American Blues Scene on Ghost Tattoo

American Blues Scene on Ghost Tattoo

Grainger and her band have staked out a low-key space that allows the listener to enjoy well-crafted lyrics and charming musical accompaniment.

Bluegrass music is everywhere, so it feels disingenuous to pretend there’s something shocking about Kristen Grainger & True Norths  Ghost Tattoo as the product of an Oregon-based band. However, the Oregon connection feels significant as this is an album of fun, accessible folk-inspired bluegrass with a Pacific Northwest cool.

Grainger is a product of our times. Where bluegrass legends like Earl Scruggs transitioned from childhood into life as a working musician, Grainger required day jobs, even once serving as communications director for Oregon governor Kate Brown. As a result, the songs here have a cerebral air, not overly intellectualized, but framed more than you might usually hear in Americana.

Grainger’s voice is pretty and restrained, another example of her folk influences. There’s no overt country accent but her voice permeates the music like a fog, an inseparable component of each track. And here too, her communication past shows, as her performances are not emotional, but rather conversational, like someone recounting a tale, but not particularly caught up in it. This removal gives the tracks a charming, timeless quantity.

Her band reinforces that timelessness, creating a wonderful bluegrass tableau for Grainger. Mandolin, guitar, and fiddle decorate the tracks, but never detract from the underlying song. It’s not bluegrass without instrumental breaks, but everything is kept tight, so that only one tune goes longer than four minutes. That also helps the accessibility of Ghost Tattoo, keeping the songs to more familiar pop/rock formats.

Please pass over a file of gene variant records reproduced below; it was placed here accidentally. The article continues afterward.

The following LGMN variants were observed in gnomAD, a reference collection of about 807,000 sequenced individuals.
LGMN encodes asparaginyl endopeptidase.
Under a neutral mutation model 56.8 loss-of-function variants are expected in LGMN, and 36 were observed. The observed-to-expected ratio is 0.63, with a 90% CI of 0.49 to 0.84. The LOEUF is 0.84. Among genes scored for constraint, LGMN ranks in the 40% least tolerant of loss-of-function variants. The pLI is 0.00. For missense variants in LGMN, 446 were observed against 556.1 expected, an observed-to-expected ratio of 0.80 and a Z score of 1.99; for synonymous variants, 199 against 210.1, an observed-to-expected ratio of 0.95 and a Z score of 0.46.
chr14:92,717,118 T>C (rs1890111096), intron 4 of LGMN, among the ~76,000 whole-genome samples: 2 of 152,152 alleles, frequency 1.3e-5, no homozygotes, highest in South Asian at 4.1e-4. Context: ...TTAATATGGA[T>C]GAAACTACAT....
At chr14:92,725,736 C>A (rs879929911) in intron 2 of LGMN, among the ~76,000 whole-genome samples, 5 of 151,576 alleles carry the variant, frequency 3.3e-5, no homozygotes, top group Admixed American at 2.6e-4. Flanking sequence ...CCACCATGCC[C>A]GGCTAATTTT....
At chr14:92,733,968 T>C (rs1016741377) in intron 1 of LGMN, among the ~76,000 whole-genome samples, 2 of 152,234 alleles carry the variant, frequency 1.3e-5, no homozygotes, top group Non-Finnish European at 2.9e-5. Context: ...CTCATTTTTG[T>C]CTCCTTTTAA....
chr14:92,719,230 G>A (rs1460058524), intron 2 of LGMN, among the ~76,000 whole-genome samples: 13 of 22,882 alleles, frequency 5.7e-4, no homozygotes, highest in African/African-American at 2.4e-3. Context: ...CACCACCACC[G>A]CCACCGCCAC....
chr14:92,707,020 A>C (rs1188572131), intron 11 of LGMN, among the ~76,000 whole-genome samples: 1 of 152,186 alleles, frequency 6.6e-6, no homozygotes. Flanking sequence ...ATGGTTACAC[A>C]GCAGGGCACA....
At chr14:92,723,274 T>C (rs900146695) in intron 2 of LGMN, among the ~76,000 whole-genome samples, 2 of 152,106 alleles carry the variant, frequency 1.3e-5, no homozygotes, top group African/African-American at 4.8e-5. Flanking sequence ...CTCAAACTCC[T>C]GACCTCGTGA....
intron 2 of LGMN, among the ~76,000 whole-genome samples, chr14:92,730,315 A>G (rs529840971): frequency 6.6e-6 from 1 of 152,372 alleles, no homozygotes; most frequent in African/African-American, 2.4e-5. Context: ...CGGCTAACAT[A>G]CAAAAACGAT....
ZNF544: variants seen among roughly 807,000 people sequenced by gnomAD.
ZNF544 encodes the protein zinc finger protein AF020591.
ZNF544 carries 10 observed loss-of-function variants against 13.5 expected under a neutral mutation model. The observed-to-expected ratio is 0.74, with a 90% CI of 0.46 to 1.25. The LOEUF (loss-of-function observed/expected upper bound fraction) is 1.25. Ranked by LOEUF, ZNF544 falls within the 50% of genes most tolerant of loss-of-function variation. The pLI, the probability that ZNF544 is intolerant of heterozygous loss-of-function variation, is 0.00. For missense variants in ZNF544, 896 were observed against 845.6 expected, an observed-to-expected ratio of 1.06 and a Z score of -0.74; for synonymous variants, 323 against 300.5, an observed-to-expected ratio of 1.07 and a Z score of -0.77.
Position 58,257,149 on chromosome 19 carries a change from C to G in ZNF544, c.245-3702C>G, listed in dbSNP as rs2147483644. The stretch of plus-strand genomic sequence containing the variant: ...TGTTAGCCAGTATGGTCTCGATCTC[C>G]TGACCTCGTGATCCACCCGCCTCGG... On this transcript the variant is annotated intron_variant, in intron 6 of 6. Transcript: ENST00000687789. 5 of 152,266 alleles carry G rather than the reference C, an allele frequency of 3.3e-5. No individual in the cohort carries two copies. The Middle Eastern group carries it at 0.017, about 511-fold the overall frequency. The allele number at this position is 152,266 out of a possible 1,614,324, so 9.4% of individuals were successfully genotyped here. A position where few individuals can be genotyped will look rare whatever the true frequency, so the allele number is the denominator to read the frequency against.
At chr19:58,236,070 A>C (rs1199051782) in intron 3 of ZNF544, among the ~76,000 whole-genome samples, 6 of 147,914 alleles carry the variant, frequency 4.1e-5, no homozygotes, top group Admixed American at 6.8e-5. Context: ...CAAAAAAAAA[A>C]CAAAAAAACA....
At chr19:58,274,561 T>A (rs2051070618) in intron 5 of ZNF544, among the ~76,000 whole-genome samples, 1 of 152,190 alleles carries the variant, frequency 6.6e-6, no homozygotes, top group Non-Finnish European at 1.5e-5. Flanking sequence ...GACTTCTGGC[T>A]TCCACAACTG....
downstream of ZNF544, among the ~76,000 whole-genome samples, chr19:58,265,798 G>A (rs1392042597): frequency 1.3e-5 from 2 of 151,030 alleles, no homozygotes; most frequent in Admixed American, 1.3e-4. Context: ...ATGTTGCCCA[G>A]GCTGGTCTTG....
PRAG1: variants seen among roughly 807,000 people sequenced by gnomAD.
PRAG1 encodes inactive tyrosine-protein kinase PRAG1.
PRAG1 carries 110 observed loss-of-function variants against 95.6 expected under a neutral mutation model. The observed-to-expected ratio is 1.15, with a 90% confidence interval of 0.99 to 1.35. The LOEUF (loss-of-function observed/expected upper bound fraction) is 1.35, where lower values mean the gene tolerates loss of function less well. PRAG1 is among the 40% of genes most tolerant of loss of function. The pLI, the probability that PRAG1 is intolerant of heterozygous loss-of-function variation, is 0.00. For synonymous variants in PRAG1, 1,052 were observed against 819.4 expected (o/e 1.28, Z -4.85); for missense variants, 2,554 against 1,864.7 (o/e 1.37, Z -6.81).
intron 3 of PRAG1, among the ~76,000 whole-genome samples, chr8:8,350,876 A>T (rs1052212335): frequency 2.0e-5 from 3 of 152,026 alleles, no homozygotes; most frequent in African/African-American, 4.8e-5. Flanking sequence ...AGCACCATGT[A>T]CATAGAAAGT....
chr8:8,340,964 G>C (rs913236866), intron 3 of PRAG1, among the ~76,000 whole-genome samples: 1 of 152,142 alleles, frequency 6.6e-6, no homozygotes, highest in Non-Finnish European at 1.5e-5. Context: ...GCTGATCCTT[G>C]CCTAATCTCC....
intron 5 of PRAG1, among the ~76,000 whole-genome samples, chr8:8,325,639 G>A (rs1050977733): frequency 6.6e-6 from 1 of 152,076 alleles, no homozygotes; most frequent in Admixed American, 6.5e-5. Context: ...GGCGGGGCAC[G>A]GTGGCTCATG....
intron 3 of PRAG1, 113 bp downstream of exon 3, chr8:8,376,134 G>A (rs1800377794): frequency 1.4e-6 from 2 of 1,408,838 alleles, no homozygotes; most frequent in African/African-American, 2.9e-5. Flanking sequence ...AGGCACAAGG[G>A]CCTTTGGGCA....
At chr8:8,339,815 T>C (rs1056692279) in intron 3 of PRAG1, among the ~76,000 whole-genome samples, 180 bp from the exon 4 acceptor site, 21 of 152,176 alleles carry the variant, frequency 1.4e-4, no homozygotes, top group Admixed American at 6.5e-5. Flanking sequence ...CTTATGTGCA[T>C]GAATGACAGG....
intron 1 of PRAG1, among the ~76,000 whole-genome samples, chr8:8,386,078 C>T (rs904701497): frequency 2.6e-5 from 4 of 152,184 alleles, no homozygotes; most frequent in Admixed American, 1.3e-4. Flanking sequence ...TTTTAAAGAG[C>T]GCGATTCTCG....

But the album works because the songs are great. “Mississippi” is a duet between Grainger and guitarist/co-bandleader/husband Dan Wetzel. The track feels like Fleetwood Mac reimagined as bluegrass, thanks to its groove and shared vocals. Wetzel’s acoustic guitar is bluesy but the mandolin and fiddle, courtesy of multi-instrumentalist Martin Stevens, provides a heaping dose of Appalachian flavor. “Jeremiah’s Tree” also shows how well Grainger and True North can synthesize styles, this time taking Shawn Colvin-esque pop-folk and adorning it with bluegrass flair.

Grainger’s lyrics can also be quite striking. “When No One’s Around” is another duet between her and Wetzel about how people act when they’re alone. The song features beautiful, universally-understood lines like, “And it’s four in the morning and I’m lying in bed / With a tape of my failures playing inside my head.” “Ghost of Abuelito” is about immigrant children taken from their families and brought to detention facilities. It’s sung from the perspective of a child waiting for their family to rescue them. It’s a pretty song and an important topic, but I felt an incongruity in an American professional narrating as a Latino immigrant and would have loved a guest voice to bring in more of a personal experience for the thoughtful lyrics.

Bluegrass and folk are natural pairs, both rooted in acoustic instruments. And of course, lots of artists have integrated the two, from R.E.M. to the Indigo Girls. But Grainger and her band have staked out a low-key space that allows the listener to enjoy well-crafted lyrics and charming musical accompaniment, the social consciousness of folk coupled with the instrumental prowess of bluegrass, making for an album that’s going to appeal to all kinds of music fans, including blues ones.

June 18, 2020

Steve Ovadia

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